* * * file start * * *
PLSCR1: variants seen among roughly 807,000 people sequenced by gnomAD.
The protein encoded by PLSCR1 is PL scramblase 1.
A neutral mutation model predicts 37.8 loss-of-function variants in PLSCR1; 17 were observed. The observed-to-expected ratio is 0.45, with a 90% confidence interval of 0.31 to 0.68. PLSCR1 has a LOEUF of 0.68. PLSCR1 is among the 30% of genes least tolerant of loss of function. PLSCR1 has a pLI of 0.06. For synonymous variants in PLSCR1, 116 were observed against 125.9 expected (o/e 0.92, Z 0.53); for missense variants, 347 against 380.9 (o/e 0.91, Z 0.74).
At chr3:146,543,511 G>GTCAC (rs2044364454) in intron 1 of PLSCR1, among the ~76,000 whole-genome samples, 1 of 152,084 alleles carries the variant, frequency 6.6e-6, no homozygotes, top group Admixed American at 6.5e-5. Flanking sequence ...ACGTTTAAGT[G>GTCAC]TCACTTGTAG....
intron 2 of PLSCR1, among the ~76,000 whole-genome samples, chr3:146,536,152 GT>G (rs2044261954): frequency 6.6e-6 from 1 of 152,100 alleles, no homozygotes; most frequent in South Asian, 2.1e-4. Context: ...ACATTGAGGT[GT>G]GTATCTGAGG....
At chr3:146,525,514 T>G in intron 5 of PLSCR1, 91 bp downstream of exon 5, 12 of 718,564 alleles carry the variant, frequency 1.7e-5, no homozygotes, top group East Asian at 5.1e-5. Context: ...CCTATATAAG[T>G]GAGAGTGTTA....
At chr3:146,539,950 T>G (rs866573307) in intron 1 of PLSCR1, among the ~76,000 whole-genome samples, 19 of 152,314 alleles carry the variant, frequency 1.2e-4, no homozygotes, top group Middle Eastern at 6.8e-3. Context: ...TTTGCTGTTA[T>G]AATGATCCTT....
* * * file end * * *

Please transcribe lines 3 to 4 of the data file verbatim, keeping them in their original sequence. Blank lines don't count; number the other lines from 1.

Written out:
A neutral mutation model predicts 37.8 loss-of-function variants in PLSCR1; 17 were observed. The observed-to-expected ratio is 0.45, with a 90% confidence interval of 0.31 to 0.68. PLSCR1 has a LOEUF of 0.68. PLSCR1 is among the 30% of genes least tolerant of loss of function. PLSCR1 has a pLI of 0.06. For synonymous variants in PLSCR1, 116 were observed against 125.9 expected (o/e 0.92, Z 0.53); for missense variants, 347 against 380.9 (o/e 0.91, Z 0.74).
At chr3:146,543,511 G>GTCAC (rs2044364454) in intron 1 of PLSCR1, among the ~76,000 whole-genome samples, 1 of 152,084 alleles carries the variant, frequency 6.6e-6, no homozygotes, top group Admixed American at 6.5e-5. Flanking sequence ...ACGTTTAAGT[G>GTCAC]TCACTTGTAG....